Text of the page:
If you need help with your dog you can call me at 714-827-4058

Managing dog behavior and people’s too


Encourage good dog behavior with the appropriate discriminative stimuli

Is managing discriminative stimuli part of philosophy, business management, or dog training? This is what Wikipedia has to say about “Stimulus control and discriminative stimuli: Stimulus control is the phenomenon of a stimulus increasing the probability of a behavior (operant response) because of a history of that behavior being differentially reinforced in the presence of the stimulus. In other words, stimulus control is basically learning to pay attention to things that we identify in the environment (discriminative stimuli) that give us information about the effectiveness of our behavior.” Discriminative stimuli help us determine what rules apply to achieve reinforcement.

At a social media group I belong to I was talking with a philosopher about how we have certain rules that help us do the right thing. More importantly we have rules that keep us from doing what society considered immoral. This part of the conversation revolved around how a man of good moral character would not go to an attractive married woman’s room where they are alone and drink alcohol while at a conference.

Why is it that alcohol is a major factor or variable to this scenario? It could be that alcohol reduces the inhibition we associate with moral behavior. By reducing inhibitions our more animal like nature shines through. The nature of animals is probably driven more by lower level needs than the higher level needs we like to associate with being human. At this point my post diverged into two different lines of thought. I will post my more whimsical thoughts about the possibilities of animals experiencing altered states of consciousness on my new dog website.

Getting back to dog training and behavior management. If we can’t expect other humans, not to mention ourselves, to behave properly under certain conditions, how can we expect our dogs to do any better?  For the most part dogs don’t have the ability to manage discriminative stimuli that control behavior.

The inability of dogs to control this aspect of their environment places the responsibility of discriminative stimuli management squarely on the shoulders of us humans.

We need to live by rules that help arrange the environment in ways where dogs have an easy time being good. Dogs can’t decide I’m going to spend more time inside so I won’t be so tempted to go visit my neighbor when she smells sooo good because it would lead to a show dog with less than desirable children. But people can arrange the environment so our dogs are not hated by society.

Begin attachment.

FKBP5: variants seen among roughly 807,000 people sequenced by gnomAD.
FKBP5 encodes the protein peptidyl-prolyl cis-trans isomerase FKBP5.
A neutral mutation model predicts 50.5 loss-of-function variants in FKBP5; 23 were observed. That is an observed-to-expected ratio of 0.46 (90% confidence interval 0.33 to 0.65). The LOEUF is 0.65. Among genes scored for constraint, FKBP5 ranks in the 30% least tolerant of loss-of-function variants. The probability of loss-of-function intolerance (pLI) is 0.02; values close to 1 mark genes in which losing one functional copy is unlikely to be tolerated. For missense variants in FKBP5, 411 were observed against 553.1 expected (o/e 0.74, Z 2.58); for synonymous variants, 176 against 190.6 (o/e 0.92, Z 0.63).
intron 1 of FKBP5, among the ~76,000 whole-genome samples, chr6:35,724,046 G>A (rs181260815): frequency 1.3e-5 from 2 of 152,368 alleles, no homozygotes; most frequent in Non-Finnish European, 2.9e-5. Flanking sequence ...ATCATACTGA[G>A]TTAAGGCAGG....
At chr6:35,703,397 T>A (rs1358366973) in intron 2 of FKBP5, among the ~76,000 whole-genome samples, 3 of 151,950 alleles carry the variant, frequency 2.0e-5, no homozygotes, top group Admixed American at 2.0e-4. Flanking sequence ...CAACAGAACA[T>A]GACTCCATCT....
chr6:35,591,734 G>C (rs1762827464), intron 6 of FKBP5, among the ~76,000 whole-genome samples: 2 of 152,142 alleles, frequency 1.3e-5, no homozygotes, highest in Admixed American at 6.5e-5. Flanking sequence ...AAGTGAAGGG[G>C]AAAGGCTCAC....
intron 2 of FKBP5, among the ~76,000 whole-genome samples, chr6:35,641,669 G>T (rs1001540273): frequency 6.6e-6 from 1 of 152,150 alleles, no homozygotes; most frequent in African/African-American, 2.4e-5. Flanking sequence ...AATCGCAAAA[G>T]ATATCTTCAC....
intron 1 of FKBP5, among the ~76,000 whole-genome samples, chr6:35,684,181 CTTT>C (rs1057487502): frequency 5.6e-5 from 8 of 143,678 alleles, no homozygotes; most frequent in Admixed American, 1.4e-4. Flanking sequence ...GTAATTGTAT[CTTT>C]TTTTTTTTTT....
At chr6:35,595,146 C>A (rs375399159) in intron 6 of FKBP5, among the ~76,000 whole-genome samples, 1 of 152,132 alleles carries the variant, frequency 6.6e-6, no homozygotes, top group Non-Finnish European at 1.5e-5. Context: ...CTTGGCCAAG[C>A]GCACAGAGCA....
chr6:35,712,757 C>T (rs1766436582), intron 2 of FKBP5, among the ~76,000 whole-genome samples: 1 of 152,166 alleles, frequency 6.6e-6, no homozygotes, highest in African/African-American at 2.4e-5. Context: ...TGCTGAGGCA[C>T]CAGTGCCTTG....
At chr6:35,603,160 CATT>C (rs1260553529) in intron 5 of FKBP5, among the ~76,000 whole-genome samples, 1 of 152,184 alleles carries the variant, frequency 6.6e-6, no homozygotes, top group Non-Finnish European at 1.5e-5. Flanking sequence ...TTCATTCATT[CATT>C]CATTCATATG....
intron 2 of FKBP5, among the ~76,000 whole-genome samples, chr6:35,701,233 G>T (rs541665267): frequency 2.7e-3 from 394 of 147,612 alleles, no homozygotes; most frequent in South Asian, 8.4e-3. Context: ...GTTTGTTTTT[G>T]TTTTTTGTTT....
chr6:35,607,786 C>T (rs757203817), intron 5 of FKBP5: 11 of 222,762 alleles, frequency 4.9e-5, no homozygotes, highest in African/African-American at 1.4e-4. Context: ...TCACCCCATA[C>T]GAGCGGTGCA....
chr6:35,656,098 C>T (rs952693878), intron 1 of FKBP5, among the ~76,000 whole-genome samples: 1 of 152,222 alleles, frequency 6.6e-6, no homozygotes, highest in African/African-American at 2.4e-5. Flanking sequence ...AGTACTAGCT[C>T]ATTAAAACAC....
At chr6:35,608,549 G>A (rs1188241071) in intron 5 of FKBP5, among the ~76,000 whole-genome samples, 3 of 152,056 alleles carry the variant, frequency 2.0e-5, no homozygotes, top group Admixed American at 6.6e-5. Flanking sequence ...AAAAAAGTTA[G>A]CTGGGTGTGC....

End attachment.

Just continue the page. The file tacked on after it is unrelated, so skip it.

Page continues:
Some interesting strategies for self control were used by children in an experiment that required waiting 15 minutes to have 2 sweets verses having 1 sweet right away. It was found that children with good self control employed a strategy of not thinking about the sweet. This was often done by thinking about something else. They were managing the internal discriminative stimuli. These children were managing the signals that controlled their behavior. I like calling internal discriminative stimuli the controlling signal(s). It may not be scientific but it makes sense for normal conversations.

Managing discriminative stimuli or the controlling signal(s) is often one of my first objectives when doing an in home dog training program. Discriminative stimuli management is especially critical where the owner is so frustrated with the dog’s behavior they are thinking about getting rid of the dog.  Usually we can at least make the dog’s behavior good enough so the owner can keep the dog. This give us time to do the needed training to change the offending behavior. Now even if the behavior can’t be completely changed, it usually can be managed. Efficient management of the dog’s behavior can make cohabitation with humans possible.

There are established social rules for managing the attractive woman + Alcohol + opportunity syndrome.  There are also individuals who have personal rules for managing these scenarios. With dogs you need to be your dog’s social authority. It’s important to know that you can direct and manage your dog’s behavior without being overbearing. Sometimes this involves teaching a new response. At other times you may need to make some physical changes to the environment. It is up to you, the dog’s owner, to manage the signals that control your dog’s behavior.

I can be reached at 714-827-4058